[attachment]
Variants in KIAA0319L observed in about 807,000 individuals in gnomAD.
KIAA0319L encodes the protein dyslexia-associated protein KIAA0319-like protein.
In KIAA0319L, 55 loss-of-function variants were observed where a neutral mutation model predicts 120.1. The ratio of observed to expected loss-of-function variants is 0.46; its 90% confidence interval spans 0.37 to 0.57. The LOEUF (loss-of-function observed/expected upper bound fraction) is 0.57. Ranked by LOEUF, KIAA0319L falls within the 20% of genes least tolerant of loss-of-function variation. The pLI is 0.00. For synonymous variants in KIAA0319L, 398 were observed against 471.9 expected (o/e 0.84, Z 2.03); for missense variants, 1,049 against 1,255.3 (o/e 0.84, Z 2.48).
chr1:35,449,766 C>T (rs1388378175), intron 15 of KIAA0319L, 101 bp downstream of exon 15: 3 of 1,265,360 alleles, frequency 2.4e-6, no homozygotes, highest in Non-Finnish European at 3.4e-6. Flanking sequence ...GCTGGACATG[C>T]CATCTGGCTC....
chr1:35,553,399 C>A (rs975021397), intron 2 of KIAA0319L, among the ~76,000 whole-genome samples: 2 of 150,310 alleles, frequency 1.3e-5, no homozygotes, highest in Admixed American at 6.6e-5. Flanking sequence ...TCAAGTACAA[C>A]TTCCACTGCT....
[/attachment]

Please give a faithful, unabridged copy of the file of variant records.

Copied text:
Variants in KIAA0319L observed in about 807,000 individuals in gnomAD.
KIAA0319L encodes the protein dyslexia-associated protein KIAA0319-like protein.
In KIAA0319L, 55 loss-of-function variants were observed where a neutral mutation model predicts 120.1. The ratio of observed to expected loss-of-function variants is 0.46; its 90% confidence interval spans 0.37 to 0.57. The LOEUF (loss-of-function observed/expected upper bound fraction) is 0.57. Ranked by LOEUF, KIAA0319L falls within the 20% of genes least tolerant of loss-of-function variation. The pLI is 0.00. For synonymous variants in KIAA0319L, 398 were observed against 471.9 expected (o/e 0.84, Z 2.03); for missense variants, 1,049 against 1,255.3 (o/e 0.84, Z 2.48).
chr1:35,449,766 C>T (rs1388378175), intron 15 of KIAA0319L, 101 bp downstream of exon 15: 3 of 1,265,360 alleles, frequency 2.4e-6, no homozygotes, highest in Non-Finnish European at 3.4e-6. Flanking sequence ...GCTGGACATG[C>T]CATCTGGCTC....
chr1:35,553,399 C>A (rs975021397), intron 2 of KIAA0319L, among the ~76,000 whole-genome samples: 2 of 150,310 alleles, frequency 1.3e-5, no homozygotes, highest in Admixed American at 6.6e-5. Flanking sequence ...TCAAGTACAA[C>A]TTCCACTGCT....